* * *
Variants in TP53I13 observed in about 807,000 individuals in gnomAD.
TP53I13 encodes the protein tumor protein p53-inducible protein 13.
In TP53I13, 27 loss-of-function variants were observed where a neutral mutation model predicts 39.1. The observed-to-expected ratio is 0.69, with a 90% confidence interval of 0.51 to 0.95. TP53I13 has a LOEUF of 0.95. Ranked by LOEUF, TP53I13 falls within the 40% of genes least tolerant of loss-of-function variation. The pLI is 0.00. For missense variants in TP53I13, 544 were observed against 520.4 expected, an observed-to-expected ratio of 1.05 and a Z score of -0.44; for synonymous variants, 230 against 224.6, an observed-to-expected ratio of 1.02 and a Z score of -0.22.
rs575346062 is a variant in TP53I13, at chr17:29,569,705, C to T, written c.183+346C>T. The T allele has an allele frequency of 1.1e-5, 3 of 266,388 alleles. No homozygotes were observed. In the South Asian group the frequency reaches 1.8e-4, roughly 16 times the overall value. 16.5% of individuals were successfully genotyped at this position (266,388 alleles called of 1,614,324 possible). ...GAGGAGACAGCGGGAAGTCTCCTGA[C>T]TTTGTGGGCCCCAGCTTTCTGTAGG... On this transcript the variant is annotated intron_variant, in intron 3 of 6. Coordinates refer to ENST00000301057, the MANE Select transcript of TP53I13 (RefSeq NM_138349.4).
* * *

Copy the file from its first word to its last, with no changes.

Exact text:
Variants in TP53I13 observed in about 807,000 individuals in gnomAD.
TP53I13 encodes the protein tumor protein p53-inducible protein 13.
In TP53I13, 27 loss-of-function variants were observed where a neutral mutation model predicts 39.1. The observed-to-expected ratio is 0.69, with a 90% confidence interval of 0.51 to 0.95. TP53I13 has a LOEUF of 0.95. Ranked by LOEUF, TP53I13 falls within the 40% of genes least tolerant of loss-of-function variation. The pLI is 0.00. For missense variants in TP53I13, 544 were observed against 520.4 expected, an observed-to-expected ratio of 1.05 and a Z score of -0.44; for synonymous variants, 230 against 224.6, an observed-to-expected ratio of 1.02 and a Z score of -0.22.
rs575346062 is a variant in TP53I13, at chr17:29,569,705, C to T, written c.183+346C>T. The T allele has an allele frequency of 1.1e-5, 3 of 266,388 alleles. No homozygotes were observed. In the South Asian group the frequency reaches 1.8e-4, roughly 16 times the overall value. 16.5% of individuals were successfully genotyped at this position (266,388 alleles called of 1,614,324 possible). ...GAGGAGACAGCGGGAAGTCTCCTGA[C>T]TTTGTGGGCCCCAGCTTTCTGTAGG... On this transcript the variant is annotated intron_variant, in intron 3 of 6. Coordinates refer to ENST00000301057, the MANE Select transcript of TP53I13 (RefSeq NM_138349.4).